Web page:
Cocaine, heroin and marijuana trafficking having been a top priority target for American law enforcement, anabolic steroid investigations and prosecutions have only accounted for a small proportion of the “War on Drugs” efforts. While it is often thought that the Drug Enforcement Administration (DEA) and federal prosecutors simply couldn’t give a rat’s ass about steroids, that’s not quite true. Rather, they may feel that the current United States Sentencing Guidelines are just too lenient on steroids to justify much of their effort. The guidelines, which generally must be followed by federal judges at sentencing, set forth the potential range of time in prison for each criminal “offense level.” In drug cases, the offense level is determined by the quantity or “units” of drugs involved.
The frustrations of federal law enforcement were expressed in June of 1995 when the DEA’s Office of Diversion Control held a “Conference on the Impact of National Steroid Control Legislation.” Presenting their observations since enactment of the Anabolic Steroid Control Act of 1990, they bemoaned that the guidelines hampered their ability to fight trafficking. Urging that convicted steroid offenders be subject to longer imprisonment, they called for amendments “so that steroids are treated as seriously as any other Schedule III drug.”
Particularly troublesome to the agents and prosecutors was the so-called “steroid discount” set forth in guidelines section 2D1.1 (Note G of the Drug Quantity Table). Under the guidelines, one “unit” of anabolic steroids means one 10 cc vial of an injectable steroid or fifty oral tablets. All vials of injectable steroids are to be converted on the basis of their volume to the equivalent number of 10 cc vials (e.g., one 50 cc vial is to be counted as five 10 cc vials). One practical effect of the steroid discount is to permit some offenders with substantial quantities to avoid major prison time. Another effect is that when federal authorities do make a steroid bust, they often dump the case into state court where the laws vary and the discount doesn’t apply. This happens a lot in mail seizure cases.
Despite the DEA conference, the steroid discount remains in effect in federal courts. While in some cases it may be overly generous in real world terms — few if any juicers, for example, would wolf down fifty Anadrol-50 tablets at a sitting — the discount represents an attempt by the Sentencing Commission to treat steroid offenders differently than other drug offenders. It could even be interpreted as recognizing that non-medical steroid use, especially for bodybuilding, typically involves substantial quantities.
“INTENT TO DISTRIBUTE” IN STATE COURTS
In state courts, a crucial quantity-related issue is whether the offender was a user or a dealer. It¡¦s quite common to see the prosecution of somebody as a steroid dealer based merely on the quantity recovered from a search of his home or car, and without any other evidence that he was dealing. Unfortunately for the accused — for whom being hit with a ¡§possession with intent to sell¡¨ charge means facing significantly harsher penalties — the inference is sometimes totally unwarranted. The problem arises because of the extensive experience state and local law enforcement authorities have with ¡§street drugs¡¨ cases, where even fifteen individually packaged units of product (such as glassines of cocaine or heroin) constitutes probable cause of an intent to sell. But unlike narcotics users who tend to purchase and possess only enough to get an immediate ¡§high,¡¨ most anabolic steroid users purchase their gear with significant planning. Fearful of the consequences of running short of steroids mid-cycle, many users are ¡§pack rats¡¨ who stockpile enough to complete a cycle or series of cycles lasting weeks or months. Since steroid cycles typically involve the stacking of different oral and injectable preparations of varying androgenic-to-anabolic ratios, it¡¦s not surprising that unenlightened law officers can view a serious personal user¡¦s home as a major distribution warehouse!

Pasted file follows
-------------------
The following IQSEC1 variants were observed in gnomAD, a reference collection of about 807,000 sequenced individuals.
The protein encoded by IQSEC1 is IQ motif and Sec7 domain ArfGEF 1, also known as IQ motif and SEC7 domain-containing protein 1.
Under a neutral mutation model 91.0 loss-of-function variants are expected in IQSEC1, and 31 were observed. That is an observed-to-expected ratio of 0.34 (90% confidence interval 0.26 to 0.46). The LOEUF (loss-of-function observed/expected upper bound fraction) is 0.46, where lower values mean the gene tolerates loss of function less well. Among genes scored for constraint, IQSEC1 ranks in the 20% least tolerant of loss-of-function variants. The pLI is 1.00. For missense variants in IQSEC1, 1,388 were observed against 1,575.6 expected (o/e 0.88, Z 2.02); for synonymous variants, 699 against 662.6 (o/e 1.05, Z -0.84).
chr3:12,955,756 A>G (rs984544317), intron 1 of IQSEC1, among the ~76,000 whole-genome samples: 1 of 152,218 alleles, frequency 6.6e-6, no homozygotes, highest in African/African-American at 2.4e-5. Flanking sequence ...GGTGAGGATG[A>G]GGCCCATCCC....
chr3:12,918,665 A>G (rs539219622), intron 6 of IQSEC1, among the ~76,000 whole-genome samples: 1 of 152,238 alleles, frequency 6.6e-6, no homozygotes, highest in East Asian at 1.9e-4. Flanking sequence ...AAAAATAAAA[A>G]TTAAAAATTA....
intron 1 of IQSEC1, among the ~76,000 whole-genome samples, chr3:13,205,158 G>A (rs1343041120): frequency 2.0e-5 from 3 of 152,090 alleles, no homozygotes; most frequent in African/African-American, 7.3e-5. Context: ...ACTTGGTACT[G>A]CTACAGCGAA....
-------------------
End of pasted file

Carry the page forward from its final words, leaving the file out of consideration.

The ¡§intent to sell¡¨ problem is particularly prevalent in cases involving low dosage oral tablets, such as Anabol (methandrostenolone) from Thailand. One of these little pink pentagons provides only five milligrams of anabolic steroids. By comparison, a single Anadrol-50„µ tablet provides fifty milligrams — ten times that amount. Guys who might take just one Anadrol-50„µ tablet a day would need ten Anabol tablets daily to get the same dosage. (Although long-term, high-dose self-administration of C-17 oral steroids like methandrostenolone can be seriously toxic to the liver, these dosages are not uncommon.) Postulating a ten-week cycle, a total of seven hundred tablets would be required. A guy in New York was recently charged with intent to sell for possessing less than four hundred tablets in his car. In a California case, prosecutors insisted that receiving a package of one thousand Anabol tablets by mail from Thailand proved an intent to sell, despite the reality that one thousand tabs is the minimum quantity that could be ordered from that overseas source!
The unique issues related to quantity are but one of many ways that anabolic steroid cases are different from “typical” drug cases. Lawyers representing aesthetic steroid users and strength athletes should be fully educated and prepared. Personally, I vehemently disagree with our national steroid laws based upon overwhelming evidence that they’ve failed miserably. There are far better ways to address the problems of black market trafficking, teen steroid abuse, and doping in elite amateur and professional sports. But like it or not, our present steroid laws are here to stay for the foreseeable future.
© 2003 by Rick Collins. All rights reserved
This article is intended to be for informational purposes only, not to be construed as legal advice, and not to advocate the non-medical use of steroids.